Sixty-Six by Six is a collaborative oral history project between myself and The Guild Theatre, Rockdale. The project, presenting oral, written and photographic histories, seeks to demonstrate that local recreational facilities such as community theatres are vital to an enduring culture of community involvement. The project demonstrates the Guild Theatre not merely celebrates local talent and creativity, but endures as a much-loved local site of community-building, growth and sharing.
The project follows the personal journeys of six Guild members – those who have been with the Guild for nearly 60 years and those for only a year. The title of the project, Sixty-Six By Six, acknowledges sixty-six years since the Guild was formed, and the six Guild members who gave their time and personal stories to this project. Although each member’s story is unique in their experiences within the Guild and local community, there is a common sense of belonging and camaraderie amongst all Guild Theatre members. Each member had testified via interview the genuine communal nature of the Guild – a claim strengthened by the long-standing friendships Guild members have with each other.
This project relied heavily upon primary sources. Particularly, the oral histories of Guild members. My decision to incorporate oral histories into this project was inspired by Lorina Barker’s article “Hangin’ out and ‘Yarnin.” I agreed with Barker’s argument that oral histories have the ability to uncover deeply personal, interesting narratives in ways written and photographic histories cannot. As the Guild Theatre had never utilised oral history as a historical tool, I believed an oral history project would offer a new and exciting perspective on the Guild’s already established long-standing history. However, I also employed secondary sources as Pauline Curby and Virginia Macleod’s Uncovering Rockdale’s Migration Heritage Story: Rockdale City’s Recreational Places used by Migrant Community Groups and Val Farrow’s A History of the Guild Theatre to fill missing historical detail and provide a wider context for Guild members’ comments.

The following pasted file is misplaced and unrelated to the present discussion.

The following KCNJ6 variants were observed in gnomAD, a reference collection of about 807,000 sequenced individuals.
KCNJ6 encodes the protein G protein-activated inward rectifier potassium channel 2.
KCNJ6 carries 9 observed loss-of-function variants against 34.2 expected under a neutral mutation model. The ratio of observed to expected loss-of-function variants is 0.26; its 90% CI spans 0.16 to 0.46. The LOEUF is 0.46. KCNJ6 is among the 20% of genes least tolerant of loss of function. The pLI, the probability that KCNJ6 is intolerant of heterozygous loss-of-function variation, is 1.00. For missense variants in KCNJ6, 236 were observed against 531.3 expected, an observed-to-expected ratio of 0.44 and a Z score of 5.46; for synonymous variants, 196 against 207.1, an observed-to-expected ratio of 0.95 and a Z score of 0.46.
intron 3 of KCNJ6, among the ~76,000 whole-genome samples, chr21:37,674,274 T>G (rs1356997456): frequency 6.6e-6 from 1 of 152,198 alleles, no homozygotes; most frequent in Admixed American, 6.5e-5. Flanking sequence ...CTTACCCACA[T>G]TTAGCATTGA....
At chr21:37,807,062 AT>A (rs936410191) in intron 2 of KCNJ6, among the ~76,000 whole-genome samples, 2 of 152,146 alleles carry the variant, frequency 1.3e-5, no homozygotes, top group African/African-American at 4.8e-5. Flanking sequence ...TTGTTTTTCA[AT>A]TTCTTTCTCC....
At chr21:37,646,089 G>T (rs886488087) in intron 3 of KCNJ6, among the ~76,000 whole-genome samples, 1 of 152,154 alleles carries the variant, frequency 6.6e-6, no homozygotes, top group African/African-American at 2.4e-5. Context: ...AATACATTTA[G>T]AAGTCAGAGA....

I aim to have this project published on the Guild Theatre’s website in the near future. I anticipate the project’s forthcoming publication will bring greater awareness of the fantastic local talent the Guid showcases to the immediate local community.
Overall, it was a pleasure to complete this project with The Guid Theatre. I would like to thank Allanah Jarman, Jim and Christine Searle, Yolanda Regueira, Terry Neenan and Douglas Spafford for taking the time to sit with me and so generously recall and reflect on your time at the Guild. I, like all of you, am now proud to call myself a Guild Theatre member.